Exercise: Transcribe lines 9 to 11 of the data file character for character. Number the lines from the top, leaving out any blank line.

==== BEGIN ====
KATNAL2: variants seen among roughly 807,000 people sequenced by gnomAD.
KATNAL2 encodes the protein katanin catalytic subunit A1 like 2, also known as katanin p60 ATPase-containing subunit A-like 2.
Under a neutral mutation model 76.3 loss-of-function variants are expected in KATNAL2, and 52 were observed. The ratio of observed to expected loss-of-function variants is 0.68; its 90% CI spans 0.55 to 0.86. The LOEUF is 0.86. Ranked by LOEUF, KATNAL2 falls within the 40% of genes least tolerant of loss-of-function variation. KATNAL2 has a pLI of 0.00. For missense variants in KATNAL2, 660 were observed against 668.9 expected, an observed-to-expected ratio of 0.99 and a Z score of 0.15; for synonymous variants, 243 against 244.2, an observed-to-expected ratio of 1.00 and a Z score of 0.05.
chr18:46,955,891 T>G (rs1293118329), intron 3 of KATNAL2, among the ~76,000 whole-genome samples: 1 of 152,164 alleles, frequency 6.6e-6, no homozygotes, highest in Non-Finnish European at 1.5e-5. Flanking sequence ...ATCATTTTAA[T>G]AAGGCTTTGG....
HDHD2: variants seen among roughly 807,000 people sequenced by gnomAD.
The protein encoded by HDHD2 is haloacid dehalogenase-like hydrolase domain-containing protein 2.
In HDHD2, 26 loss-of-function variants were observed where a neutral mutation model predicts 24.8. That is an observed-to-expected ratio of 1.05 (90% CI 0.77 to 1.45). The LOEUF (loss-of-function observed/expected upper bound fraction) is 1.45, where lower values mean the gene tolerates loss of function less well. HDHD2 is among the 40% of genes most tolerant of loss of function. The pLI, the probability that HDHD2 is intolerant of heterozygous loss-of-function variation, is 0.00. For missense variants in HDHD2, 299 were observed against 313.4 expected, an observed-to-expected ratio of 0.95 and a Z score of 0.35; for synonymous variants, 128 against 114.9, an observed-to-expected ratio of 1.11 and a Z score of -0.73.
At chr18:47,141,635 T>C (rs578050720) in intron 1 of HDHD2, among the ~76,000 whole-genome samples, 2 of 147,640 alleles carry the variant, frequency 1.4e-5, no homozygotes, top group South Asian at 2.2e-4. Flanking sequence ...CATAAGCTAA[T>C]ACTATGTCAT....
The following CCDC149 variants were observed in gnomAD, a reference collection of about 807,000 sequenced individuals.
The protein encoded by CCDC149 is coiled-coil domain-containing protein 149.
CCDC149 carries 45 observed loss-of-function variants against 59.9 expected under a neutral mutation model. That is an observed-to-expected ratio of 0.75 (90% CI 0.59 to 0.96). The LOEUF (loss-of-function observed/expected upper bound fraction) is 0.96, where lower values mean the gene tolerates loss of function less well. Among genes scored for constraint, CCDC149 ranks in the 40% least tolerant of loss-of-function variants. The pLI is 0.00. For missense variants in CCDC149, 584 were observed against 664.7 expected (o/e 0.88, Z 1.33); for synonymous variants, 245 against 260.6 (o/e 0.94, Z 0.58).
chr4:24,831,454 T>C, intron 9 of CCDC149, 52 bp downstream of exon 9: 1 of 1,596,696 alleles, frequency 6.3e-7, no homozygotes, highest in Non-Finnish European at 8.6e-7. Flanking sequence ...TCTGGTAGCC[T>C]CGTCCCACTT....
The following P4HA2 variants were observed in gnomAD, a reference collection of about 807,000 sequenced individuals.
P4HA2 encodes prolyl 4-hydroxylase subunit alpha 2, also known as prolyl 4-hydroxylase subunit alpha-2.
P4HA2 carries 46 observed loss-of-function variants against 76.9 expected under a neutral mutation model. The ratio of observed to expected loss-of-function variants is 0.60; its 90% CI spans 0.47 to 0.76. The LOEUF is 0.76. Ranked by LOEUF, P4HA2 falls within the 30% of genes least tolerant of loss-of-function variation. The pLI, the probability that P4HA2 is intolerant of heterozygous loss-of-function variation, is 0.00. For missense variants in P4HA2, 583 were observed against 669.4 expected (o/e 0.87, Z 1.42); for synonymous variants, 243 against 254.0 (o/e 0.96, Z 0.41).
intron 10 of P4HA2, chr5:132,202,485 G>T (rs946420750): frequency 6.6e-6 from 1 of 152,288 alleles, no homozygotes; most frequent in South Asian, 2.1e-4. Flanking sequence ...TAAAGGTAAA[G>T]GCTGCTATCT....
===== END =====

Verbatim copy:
The following CCDC149 variants were observed in gnomAD, a reference collection of about 807,000 sequenced individuals.
The protein encoded by CCDC149 is coiled-coil domain-containing protein 149.
CCDC149 carries 45 observed loss-of-function variants against 59.9 expected under a neutral mutation model. That is an observed-to-expected ratio of 0.75 (90% CI 0.59 to 0.96). The LOEUF (loss-of-function observed/expected upper bound fraction) is 0.96, where lower values mean the gene tolerates loss of function less well. Among genes scored for constraint, CCDC149 ranks in the 40% least tolerant of loss-of-function variants. The pLI is 0.00. For missense variants in CCDC149, 584 were observed against 664.7 expected (o/e 0.88, Z 1.33); for synonymous variants, 245 against 260.6 (o/e 0.94, Z 0.58).